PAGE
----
They might only number about 8,000, yet still they are easily one of the most popular tribes that tourists strive to see and experience. The reason for this is simple; their women wear a rather unusual piece of decoration, known locally as the ‘dhebi a tugoin’ or lip plate. They are normally made from clay and come in different sizes and colours. This lip plate tradition is part of a voluntary initiation process.


To get to the Mursi we have to drive through the Mago National Park, it is a national park only in name, and I have seen more live animals in an abattoir. Park rules dictate that we have to take an armed guard in with us. Game scout and Banna tribesman Mosku Guni, will be escorting us, he is not a fan of the Mursi.

“They are livestock raiders, sometimes they kidnap Banna people and to intimidate us they resort to displaying chopped up Banna corpses on our common boundary.” It does not sound pleasant, and he shows us the bullet wound scars on his leg, this probably explains why he brings his Kalashnikov with him.

We are in luck as several of the Mursi villages are currently partaking in a Donga Ceremony, in which the men fight with long sticks, often to the death. After we negotiate with them about how much we are willing to pay to photograph the ceremony, we get to watch the action. Incredibly, they have been at it for two days already. Eventually, two of the warriors will be fighting for the hand of a very young looking Mursi girl. As I get close to the action to take pictures, someone next to me decides that now is a good time to fire off a few rounds from his AK-47.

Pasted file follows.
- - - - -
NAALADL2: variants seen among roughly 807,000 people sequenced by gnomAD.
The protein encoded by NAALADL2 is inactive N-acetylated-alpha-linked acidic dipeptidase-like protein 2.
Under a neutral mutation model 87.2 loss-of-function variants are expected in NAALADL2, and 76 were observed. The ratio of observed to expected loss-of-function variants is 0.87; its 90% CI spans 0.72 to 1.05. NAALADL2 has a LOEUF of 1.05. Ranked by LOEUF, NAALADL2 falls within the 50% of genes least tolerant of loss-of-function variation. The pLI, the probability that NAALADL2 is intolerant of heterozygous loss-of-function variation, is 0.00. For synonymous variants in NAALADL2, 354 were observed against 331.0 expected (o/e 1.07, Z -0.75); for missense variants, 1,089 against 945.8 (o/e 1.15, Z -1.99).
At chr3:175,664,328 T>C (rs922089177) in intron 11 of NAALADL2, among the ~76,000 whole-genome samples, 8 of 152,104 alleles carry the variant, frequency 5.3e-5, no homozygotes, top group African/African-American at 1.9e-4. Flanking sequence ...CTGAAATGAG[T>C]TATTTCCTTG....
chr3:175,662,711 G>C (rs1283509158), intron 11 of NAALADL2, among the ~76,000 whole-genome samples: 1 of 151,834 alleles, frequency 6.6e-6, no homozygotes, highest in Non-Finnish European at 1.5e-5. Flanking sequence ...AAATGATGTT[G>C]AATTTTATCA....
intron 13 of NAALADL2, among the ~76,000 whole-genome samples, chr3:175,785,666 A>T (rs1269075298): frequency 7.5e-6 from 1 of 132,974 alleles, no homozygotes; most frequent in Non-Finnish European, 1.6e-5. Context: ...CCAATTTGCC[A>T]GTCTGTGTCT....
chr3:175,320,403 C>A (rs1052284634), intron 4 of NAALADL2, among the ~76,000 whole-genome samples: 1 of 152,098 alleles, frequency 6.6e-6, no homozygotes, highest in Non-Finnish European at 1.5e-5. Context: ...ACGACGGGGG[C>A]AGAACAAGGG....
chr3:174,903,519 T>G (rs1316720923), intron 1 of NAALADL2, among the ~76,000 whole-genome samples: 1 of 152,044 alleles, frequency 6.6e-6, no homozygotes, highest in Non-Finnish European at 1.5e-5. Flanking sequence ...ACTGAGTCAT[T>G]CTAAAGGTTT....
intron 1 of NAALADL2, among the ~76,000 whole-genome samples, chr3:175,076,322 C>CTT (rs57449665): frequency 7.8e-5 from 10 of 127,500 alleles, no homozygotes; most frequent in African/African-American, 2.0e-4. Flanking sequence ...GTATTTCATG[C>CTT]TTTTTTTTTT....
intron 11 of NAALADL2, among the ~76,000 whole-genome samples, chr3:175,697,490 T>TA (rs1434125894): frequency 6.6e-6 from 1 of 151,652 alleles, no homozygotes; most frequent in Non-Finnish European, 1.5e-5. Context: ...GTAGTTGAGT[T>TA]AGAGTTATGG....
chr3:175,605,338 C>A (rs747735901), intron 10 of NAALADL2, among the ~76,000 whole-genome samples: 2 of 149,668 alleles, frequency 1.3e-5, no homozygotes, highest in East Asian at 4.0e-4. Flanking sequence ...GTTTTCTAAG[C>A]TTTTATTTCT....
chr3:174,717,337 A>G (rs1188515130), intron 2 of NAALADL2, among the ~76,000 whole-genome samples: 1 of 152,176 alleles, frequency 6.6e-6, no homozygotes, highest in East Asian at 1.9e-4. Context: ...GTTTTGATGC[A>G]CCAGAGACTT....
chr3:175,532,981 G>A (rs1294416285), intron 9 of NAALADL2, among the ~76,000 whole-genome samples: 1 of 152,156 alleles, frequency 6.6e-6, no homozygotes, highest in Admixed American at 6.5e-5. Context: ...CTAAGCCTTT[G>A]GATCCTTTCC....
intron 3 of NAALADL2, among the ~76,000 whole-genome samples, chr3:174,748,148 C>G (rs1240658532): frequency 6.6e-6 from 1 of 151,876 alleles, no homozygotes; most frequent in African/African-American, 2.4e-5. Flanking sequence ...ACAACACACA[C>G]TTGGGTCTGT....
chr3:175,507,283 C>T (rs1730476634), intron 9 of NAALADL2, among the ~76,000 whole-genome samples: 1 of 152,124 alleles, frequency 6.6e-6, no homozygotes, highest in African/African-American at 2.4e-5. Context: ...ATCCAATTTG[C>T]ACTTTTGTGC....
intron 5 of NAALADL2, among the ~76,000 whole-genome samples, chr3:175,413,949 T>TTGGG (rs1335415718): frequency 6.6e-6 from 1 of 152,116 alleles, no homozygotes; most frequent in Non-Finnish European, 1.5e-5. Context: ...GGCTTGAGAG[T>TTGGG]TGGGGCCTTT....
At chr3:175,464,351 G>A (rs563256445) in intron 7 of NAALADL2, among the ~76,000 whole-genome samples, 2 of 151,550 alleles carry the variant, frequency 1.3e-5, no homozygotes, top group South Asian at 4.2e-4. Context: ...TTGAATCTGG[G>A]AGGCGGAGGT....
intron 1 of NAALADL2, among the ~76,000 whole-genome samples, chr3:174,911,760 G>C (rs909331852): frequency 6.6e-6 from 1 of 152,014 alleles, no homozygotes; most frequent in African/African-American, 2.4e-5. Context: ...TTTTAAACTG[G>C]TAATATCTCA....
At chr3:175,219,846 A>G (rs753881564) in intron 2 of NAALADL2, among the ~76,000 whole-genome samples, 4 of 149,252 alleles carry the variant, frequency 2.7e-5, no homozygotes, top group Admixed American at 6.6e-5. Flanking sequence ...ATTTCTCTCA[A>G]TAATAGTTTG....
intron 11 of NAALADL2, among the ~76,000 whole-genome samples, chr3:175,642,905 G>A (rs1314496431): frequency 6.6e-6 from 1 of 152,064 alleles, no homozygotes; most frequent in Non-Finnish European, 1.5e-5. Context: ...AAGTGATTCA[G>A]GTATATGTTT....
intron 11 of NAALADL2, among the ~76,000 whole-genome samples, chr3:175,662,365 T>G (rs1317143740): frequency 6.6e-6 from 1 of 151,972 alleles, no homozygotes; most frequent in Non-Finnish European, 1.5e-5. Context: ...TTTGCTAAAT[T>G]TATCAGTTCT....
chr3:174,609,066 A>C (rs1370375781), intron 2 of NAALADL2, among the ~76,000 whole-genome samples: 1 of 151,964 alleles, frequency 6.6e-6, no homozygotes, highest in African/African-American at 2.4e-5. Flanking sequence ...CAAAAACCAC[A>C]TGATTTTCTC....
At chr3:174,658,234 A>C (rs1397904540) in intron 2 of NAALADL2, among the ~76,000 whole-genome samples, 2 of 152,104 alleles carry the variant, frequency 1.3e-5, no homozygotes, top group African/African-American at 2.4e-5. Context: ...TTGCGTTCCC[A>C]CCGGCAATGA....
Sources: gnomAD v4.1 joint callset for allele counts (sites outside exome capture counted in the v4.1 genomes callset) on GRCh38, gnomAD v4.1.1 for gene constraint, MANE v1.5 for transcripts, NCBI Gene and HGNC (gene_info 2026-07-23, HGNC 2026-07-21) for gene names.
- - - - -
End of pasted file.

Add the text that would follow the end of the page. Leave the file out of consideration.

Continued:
Despite my seven years in the military I still jump as I was not expecting it. While photographing some of the Mursi ladies with their lip plates, things start to get a little out of hand. Some of the warriors look as if they have been smoking giggly weed or drinking some pretty strong stuff. Mosku declares that now might be a good time to leave and so we all jump into our Land Rovers. The Mursi try and pull some of us out as they want more money. I tell Kingsley to step on it and we all speed off without any injuries, only priceless pictures.

On a personal level, it has easily been one of my most fascinating days of African travel ever. It was like being in a National Geographic documentary. We drop Mosku off at the park gate, pay him and then thank him before heading on. Sadly, our time in Ethiopia has come to an end. The crew drops me off in Arba Minch and I fly back to London via Addis Ababa. The three Land Rovers head southwards back to South Africa, several thousand miles away. Most average tourists to Ethiopia normally head north, buck the trend I say, point your Land Rover in the direction of Ethiopia’s deep south. You won’t see many other tourists, just a kaleidoscope of tribes and living traditions.